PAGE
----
Sunday, August 23, 2009

Dealing with a Rude Boss

Here's the question:

Well, I pretty much hate my boss. I asked him for one single day off (in OCTOBER!!!) so I can visit a friend in Japan and he rejected me. It's not so much the rejection that irks me, but more how he said it. What did he say? "Absolutely not! Class is more important than friends." What an a-hole! My students even said they were okay if I made up the classes on a weekend or something. And what's worse is that the foreign manager isn't sticking up for me at all! What the hell is the problem?


Man oh man, I love intercultural manager-employee clashes. There's nothing more fun than trying to explain why an overly authoritative Korean boss acting like a complete dick is just "part of Korean culture" and what he really meant to say is "this". As a manager, I have had to deal with this far too often. If I were to translate the above response, it would be like this: "I'm sorry, but you see, if we cancel classes because of a vacation, then I'm afraid it would set a precedent where teachers could take control of when and where classes are held, therefore making you more of a freelance teacher rather than an employee here." Fun, right?

This is a huge question and one that I think should be addressed on many different levels. Let's break it down, shall we?

1) Why do Korean bosses act this way?

I don't need to lecture about respect in Korea. If you want a background on why old people talk down to others, just take a gander at what Confucius said. First, when dealing with Koreans of advanced age or position, it's best to approach the situation as if you were rushing a frat or are a fresh-off-the-bus enlistee waiting in line to get your head shaved. You've got no rights and no authority to express an unsolicited opinion. Most men excuse and attribute this behavior to their military service, but I don't. I see them as whiny frat boys. Just like the freshman who were waiting their turn to do the hazing, these men spent years and years being punished and subordinated by their bosses and when they finally reach that point, there's no way they're going to change the game. It's how it is and I have yet to see any signs of it changing any time soon.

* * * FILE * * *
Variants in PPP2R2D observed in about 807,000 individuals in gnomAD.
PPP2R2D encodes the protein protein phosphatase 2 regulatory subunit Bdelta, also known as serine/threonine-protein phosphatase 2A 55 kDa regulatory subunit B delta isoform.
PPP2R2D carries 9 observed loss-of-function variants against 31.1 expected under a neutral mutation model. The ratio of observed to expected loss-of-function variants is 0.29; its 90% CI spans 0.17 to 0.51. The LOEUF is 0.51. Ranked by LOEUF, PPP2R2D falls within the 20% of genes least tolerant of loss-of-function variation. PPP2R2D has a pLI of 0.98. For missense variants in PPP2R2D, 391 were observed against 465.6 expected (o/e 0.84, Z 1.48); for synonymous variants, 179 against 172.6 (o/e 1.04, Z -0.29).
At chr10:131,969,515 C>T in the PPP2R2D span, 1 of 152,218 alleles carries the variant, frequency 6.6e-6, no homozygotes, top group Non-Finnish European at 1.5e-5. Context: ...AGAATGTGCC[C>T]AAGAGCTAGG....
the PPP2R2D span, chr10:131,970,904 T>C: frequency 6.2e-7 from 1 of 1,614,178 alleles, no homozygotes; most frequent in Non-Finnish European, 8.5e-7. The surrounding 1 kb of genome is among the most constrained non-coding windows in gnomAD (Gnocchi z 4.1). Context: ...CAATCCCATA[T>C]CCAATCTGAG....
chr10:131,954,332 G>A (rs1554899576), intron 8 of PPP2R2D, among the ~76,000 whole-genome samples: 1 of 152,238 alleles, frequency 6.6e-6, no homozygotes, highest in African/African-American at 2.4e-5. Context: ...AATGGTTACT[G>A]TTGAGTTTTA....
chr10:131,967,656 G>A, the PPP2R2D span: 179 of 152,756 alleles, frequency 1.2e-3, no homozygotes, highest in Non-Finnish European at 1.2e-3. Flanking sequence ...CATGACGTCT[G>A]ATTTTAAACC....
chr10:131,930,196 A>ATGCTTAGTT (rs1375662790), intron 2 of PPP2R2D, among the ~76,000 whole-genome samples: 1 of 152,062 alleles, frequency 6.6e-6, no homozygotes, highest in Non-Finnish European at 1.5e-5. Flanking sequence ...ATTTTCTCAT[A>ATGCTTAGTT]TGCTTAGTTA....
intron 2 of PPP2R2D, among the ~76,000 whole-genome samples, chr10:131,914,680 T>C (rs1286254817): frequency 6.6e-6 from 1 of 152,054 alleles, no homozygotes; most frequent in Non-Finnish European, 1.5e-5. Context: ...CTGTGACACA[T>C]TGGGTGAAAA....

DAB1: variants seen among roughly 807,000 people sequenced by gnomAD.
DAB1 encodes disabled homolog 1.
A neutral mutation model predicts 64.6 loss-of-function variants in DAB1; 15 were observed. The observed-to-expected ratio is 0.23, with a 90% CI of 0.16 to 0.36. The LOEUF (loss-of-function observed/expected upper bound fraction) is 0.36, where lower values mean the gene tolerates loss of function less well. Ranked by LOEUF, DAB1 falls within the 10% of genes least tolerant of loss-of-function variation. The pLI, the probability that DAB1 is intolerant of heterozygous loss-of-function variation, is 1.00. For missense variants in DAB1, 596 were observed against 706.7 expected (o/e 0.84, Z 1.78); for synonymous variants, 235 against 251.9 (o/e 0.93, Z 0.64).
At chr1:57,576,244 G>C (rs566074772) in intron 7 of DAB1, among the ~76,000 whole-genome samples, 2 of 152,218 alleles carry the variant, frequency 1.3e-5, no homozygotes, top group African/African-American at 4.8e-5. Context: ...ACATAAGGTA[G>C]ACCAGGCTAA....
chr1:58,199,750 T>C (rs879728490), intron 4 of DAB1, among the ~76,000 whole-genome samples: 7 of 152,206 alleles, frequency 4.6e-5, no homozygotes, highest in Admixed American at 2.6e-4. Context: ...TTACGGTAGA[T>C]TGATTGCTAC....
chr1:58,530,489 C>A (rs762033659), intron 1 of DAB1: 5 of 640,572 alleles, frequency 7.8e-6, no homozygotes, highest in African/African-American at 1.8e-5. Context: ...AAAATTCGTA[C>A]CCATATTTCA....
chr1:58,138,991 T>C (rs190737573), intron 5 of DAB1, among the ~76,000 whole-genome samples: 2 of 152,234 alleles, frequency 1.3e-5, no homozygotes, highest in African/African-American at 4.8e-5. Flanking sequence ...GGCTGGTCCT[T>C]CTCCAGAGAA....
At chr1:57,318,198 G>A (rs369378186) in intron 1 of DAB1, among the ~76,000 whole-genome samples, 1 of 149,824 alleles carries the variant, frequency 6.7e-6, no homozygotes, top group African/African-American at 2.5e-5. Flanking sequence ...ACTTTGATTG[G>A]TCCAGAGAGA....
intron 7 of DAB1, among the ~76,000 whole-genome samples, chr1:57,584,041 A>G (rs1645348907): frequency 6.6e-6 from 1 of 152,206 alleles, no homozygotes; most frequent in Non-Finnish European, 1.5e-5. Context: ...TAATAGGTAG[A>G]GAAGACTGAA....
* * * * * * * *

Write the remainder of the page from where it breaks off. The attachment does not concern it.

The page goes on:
2) Does a faux cultural translation actually benefit anyone?

This is something that always stumps me. Should I offer a sugary version of what the boss "meant" with his rant or should I let it stand as is? Some claim that the role of a foreign manager is more of a liaison rather than a actual authority figure, so smoothing over the rude tirades of Korean managers is part of the description I guess, but I have a feeling that when I sweeten the boss-talk I am somehow legitimatizing their crass behavior. Rude is rude and regardless of culture, there is a "right" way to tactfully talk to employees. But tact is cultural. Especially in the case of the questioner, the boss was speaking English and still chose to speak in a rude manner. Not only does that suggest they knew what they were doing, but shows very little respect or appreciation for the teacher. Korean bosses need to realize that without teachers, they have no business. One of the largest complaints that teachers have are dick bosses that don't listen. On the other hand, we are in Korea and even though English might be the language in use, teachers should be a little more tolerant of harsh words or criticism.

There probably needs to be a little give and take with the teacher/expat giving in a little more. I'm sure some might disagree, but many teachers aren't here permanently. This isn't about acceptance. It's about tolerance. This isn't the West and investing too much into the situation isn't worth it. At the same time, bosses should recognize the differences and try to be a bit more sensitive.

I think the best way to handle this situation is by doing what I do and cut all meetings between Korean management and teachers out. If there's a problem, my teachers come to me and I handle it with Korean management. There's no need for direct meetings in most cases anyways and since I took total control of these interactions, there has been little or no drama.

3) What is expected of me, the non-Korean employee?